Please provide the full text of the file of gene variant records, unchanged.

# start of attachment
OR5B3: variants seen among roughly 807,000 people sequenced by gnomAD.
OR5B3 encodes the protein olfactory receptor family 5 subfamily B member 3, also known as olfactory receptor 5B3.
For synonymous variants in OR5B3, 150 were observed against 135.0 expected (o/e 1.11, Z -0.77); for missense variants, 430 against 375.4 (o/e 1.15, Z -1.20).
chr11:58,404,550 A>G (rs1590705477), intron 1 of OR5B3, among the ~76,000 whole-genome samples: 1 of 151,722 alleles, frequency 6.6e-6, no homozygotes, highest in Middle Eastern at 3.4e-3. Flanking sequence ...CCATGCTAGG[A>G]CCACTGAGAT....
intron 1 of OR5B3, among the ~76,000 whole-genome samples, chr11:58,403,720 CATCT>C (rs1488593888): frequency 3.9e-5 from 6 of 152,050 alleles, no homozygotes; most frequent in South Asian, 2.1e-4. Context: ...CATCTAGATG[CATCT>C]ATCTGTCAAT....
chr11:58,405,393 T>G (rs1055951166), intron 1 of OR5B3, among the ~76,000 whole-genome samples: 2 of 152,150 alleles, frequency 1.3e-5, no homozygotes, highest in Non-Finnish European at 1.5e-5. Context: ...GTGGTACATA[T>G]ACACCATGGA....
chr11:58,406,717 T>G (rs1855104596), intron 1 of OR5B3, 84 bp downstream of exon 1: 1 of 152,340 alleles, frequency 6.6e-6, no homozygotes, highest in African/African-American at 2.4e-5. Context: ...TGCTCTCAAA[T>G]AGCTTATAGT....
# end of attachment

OR5B3: variants seen among roughly 807,000 people sequenced by gnomAD.
OR5B3 encodes the protein olfactory receptor family 5 subfamily B member 3, also known as olfactory receptor 5B3.
For synonymous variants in OR5B3, 150 were observed against 135.0 expected (o/e 1.11, Z -0.77); for missense variants, 430 against 375.4 (o/e 1.15, Z -1.20).
chr11:58,404,550 A>G (rs1590705477), intron 1 of OR5B3, among the ~76,000 whole-genome samples: 1 of 151,722 alleles, frequency 6.6e-6, no homozygotes, highest in Middle Eastern at 3.4e-3. Flanking sequence ...CCATGCTAGG[A>G]CCACTGAGAT....
intron 1 of OR5B3, among the ~76,000 whole-genome samples, chr11:58,403,720 CATCT>C (rs1488593888): frequency 3.9e-5 from 6 of 152,050 alleles, no homozygotes; most frequent in South Asian, 2.1e-4. Context: ...CATCTAGATG[CATCT>C]ATCTGTCAAT....
chr11:58,405,393 T>G (rs1055951166), intron 1 of OR5B3, among the ~76,000 whole-genome samples: 2 of 152,150 alleles, frequency 1.3e-5, no homozygotes, highest in Non-Finnish European at 1.5e-5. Context: ...GTGGTACATA[T>G]ACACCATGGA....
chr11:58,406,717 T>G (rs1855104596), intron 1 of OR5B3, 84 bp downstream of exon 1: 1 of 152,340 alleles, frequency 6.6e-6, no homozygotes, highest in African/African-American at 2.4e-5. Context: ...TGCTCTCAAA[T>G]AGCTTATAGT....